Update on Myonexus’ LGMD gene therapies

Published Date
25/06/2018
Author
Jenny Sharpe
Category
Research
AAV virus

Myonexus Therapeutics gave an update on its LGMD gene therapy programmes at Sarepta’s recent Research and Development (R&D) day. The two companies formed a partnership in May.

Myonexus are currently developing gene therapies for five types of LGMD (see below). All of these share a similar design, where the desired gene is packaged into a type of adeno-associated virus (AAV). This shared design means that learnings from one study will help to inform another.

Myonexus plan to initiate a phase 1/2a trial at Nationwide Children’s Hospital, USA, testing MYO-101 in Q3 2018. This will be a randomised, placebo-controlled, double blind trial recruiting nine participants. The trial will also have a ‘crossover’ design, where all participants assigned to the placebo will get to have the gene therapy at some point.

Following positive results from a small safety trial completed in 2017, Myonexus are planning to test MYO-102 in a phase 1/2a trial at Nationwide Children’s Hospital, USA. This will be a randomised, placebo-controlled, double blind trial recruiting nine participants. The trial will also have a ‘crossover’ design, where all participants assigned to the placebo will get to have the gene therapy at some point.

Myonexus are currently testing MYO-103 in preclinical safety studies using mice. The company is expecting to meet with the US Food and Drug Administration (FDA) very soon to discuss its plans for MYO-103.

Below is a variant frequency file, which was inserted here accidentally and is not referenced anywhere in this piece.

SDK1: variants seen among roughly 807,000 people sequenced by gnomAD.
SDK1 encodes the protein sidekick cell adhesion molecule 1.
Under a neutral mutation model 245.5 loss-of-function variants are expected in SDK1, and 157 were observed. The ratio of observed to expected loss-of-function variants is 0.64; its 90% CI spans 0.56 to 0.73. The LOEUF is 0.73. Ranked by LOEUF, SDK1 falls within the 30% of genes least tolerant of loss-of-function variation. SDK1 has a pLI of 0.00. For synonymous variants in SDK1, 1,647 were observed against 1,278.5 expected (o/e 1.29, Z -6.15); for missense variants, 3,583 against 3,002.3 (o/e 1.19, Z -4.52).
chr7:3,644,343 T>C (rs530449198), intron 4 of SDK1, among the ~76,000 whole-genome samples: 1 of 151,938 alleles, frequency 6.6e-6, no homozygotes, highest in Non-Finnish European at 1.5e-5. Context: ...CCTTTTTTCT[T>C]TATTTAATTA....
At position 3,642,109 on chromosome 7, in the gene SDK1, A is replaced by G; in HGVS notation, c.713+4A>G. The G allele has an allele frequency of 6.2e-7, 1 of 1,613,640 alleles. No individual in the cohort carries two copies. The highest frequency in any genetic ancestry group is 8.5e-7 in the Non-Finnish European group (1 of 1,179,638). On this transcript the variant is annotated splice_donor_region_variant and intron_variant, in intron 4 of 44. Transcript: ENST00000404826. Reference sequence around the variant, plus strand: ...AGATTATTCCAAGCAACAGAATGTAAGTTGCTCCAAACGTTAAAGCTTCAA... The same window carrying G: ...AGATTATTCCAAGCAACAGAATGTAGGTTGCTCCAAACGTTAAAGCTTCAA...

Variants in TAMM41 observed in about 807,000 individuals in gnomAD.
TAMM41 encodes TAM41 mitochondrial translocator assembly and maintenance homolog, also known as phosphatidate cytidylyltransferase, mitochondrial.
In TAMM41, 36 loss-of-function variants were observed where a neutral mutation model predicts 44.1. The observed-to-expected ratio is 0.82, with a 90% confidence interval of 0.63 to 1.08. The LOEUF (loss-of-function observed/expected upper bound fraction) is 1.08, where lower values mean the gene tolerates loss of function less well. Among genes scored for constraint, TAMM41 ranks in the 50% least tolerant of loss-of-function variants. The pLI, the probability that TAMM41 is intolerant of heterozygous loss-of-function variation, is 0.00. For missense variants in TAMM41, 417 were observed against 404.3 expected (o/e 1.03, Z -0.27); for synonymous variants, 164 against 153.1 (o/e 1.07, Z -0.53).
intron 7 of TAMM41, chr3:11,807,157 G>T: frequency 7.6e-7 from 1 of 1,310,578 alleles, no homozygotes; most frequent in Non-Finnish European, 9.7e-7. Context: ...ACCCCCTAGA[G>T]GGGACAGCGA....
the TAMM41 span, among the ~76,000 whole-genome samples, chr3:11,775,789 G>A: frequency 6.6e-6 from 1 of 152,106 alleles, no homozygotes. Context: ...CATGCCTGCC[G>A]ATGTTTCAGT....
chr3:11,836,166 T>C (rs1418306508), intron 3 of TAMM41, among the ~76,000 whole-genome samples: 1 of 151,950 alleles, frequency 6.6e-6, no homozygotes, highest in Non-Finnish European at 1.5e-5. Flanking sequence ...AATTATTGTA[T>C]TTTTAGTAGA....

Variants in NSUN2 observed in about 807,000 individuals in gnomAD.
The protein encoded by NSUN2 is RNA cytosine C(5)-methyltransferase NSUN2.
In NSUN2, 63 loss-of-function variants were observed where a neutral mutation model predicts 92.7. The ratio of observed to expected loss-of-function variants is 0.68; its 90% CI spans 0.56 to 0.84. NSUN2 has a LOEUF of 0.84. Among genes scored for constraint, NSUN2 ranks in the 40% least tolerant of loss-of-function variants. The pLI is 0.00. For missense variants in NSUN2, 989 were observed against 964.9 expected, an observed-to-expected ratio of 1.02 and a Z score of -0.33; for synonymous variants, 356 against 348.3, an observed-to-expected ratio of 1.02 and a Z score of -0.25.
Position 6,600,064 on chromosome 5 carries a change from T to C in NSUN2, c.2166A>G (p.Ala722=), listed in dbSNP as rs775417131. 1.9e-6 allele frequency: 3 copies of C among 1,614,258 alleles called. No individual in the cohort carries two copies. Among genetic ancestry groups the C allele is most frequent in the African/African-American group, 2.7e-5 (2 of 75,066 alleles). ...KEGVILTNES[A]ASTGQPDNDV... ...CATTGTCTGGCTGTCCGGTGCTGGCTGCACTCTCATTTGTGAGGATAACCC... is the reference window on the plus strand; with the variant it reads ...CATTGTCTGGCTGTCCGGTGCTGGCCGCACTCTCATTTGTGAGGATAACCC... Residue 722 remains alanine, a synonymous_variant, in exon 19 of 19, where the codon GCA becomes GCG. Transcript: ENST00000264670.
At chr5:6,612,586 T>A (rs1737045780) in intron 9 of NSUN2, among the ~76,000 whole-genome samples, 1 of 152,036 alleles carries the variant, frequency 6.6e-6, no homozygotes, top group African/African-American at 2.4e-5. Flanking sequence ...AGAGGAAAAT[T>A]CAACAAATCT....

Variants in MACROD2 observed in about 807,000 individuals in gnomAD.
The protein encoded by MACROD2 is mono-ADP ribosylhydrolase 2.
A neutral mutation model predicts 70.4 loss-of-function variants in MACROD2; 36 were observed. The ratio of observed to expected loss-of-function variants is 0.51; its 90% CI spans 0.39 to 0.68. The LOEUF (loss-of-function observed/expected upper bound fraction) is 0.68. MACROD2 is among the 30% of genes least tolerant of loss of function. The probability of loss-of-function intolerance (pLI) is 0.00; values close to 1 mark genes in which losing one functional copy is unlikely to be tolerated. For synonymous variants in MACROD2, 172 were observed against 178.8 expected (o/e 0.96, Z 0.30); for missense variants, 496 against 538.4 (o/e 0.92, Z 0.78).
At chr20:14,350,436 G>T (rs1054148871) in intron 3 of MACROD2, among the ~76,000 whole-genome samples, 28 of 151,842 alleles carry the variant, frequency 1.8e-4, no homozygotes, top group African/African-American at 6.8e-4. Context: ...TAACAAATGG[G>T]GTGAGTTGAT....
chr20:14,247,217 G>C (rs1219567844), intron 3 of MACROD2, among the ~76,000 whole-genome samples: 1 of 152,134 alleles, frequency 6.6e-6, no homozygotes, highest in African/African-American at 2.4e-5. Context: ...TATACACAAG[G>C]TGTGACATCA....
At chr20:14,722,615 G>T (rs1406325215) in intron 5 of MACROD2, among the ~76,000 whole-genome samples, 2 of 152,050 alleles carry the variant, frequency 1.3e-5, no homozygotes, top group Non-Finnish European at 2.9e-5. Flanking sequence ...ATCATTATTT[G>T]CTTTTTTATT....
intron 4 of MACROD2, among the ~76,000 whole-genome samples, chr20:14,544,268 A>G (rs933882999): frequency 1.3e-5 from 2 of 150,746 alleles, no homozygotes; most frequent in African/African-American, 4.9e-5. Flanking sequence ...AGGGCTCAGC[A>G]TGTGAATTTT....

MYO-201 is currently being evaluated in a phase 1 trial at Nationwide Children’s Hospital, USA, where it was injected into the feet of six participants (intramuscular delivery). Myonexus reported that, so far, MYO-201 appears to be safe and can increase dysferlin protein levels. The company is planning a phase 1/2a trial testing intravenous delivery of MYO-201(an injection into the bloodstream, rather than the muscle).

Myonexus is currently testing MYO-301 in a mouse model of LGMD 2L. This will help to determine how well it works and whether it is safe to be tested in humans in future.

For more information, view Myonexus’ slides (no. 194 – 235)

If you have any further questions about the latest research into LGMD, please contact our Clinical Research Officer, Dr Sofia Nnorom, at research@musculardystrophyuk.org or call 020 7803 4813.

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